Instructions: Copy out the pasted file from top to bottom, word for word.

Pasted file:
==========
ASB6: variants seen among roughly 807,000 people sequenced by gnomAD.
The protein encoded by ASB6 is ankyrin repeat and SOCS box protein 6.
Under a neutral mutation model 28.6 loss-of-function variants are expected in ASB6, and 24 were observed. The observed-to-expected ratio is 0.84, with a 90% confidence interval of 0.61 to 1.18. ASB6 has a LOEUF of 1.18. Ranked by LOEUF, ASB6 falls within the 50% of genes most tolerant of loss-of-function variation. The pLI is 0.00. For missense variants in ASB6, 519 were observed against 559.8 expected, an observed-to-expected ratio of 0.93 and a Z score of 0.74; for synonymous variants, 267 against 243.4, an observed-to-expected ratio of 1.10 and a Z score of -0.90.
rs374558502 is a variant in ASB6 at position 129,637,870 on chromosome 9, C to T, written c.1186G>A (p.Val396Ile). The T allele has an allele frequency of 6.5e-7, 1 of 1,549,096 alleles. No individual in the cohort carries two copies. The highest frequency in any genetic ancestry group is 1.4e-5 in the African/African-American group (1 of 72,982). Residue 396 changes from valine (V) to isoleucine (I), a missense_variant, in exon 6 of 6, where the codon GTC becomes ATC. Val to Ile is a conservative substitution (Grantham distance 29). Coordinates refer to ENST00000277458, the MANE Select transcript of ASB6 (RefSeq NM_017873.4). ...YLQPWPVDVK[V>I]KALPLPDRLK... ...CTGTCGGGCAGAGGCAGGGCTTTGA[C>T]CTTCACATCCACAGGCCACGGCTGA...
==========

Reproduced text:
ASB6: variants seen among roughly 807,000 people sequenced by gnomAD.
The protein encoded by ASB6 is ankyrin repeat and SOCS box protein 6.
Under a neutral mutation model 28.6 loss-of-function variants are expected in ASB6, and 24 were observed. The observed-to-expected ratio is 0.84, with a 90% confidence interval of 0.61 to 1.18. ASB6 has a LOEUF of 1.18. Ranked by LOEUF, ASB6 falls within the 50% of genes most tolerant of loss-of-function variation. The pLI is 0.00. For missense variants in ASB6, 519 were observed against 559.8 expected, an observed-to-expected ratio of 0.93 and a Z score of 0.74; for synonymous variants, 267 against 243.4, an observed-to-expected ratio of 1.10 and a Z score of -0.90.
rs374558502 is a variant in ASB6 at position 129,637,870 on chromosome 9, C to T, written c.1186G>A (p.Val396Ile). The T allele has an allele frequency of 6.5e-7, 1 of 1,549,096 alleles. No individual in the cohort carries two copies. The highest frequency in any genetic ancestry group is 1.4e-5 in the African/African-American group (1 of 72,982). Residue 396 changes from valine (V) to isoleucine (I), a missense_variant, in exon 6 of 6, where the codon GTC becomes ATC. Val to Ile is a conservative substitution (Grantham distance 29). Coordinates refer to ENST00000277458, the MANE Select transcript of ASB6 (RefSeq NM_017873.4). ...YLQPWPVDVK[V>I]KALPLPDRLK... ...CTGTCGGGCAGAGGCAGGGCTTTGA[C>T]CTTCACATCCACAGGCCACGGCTGA...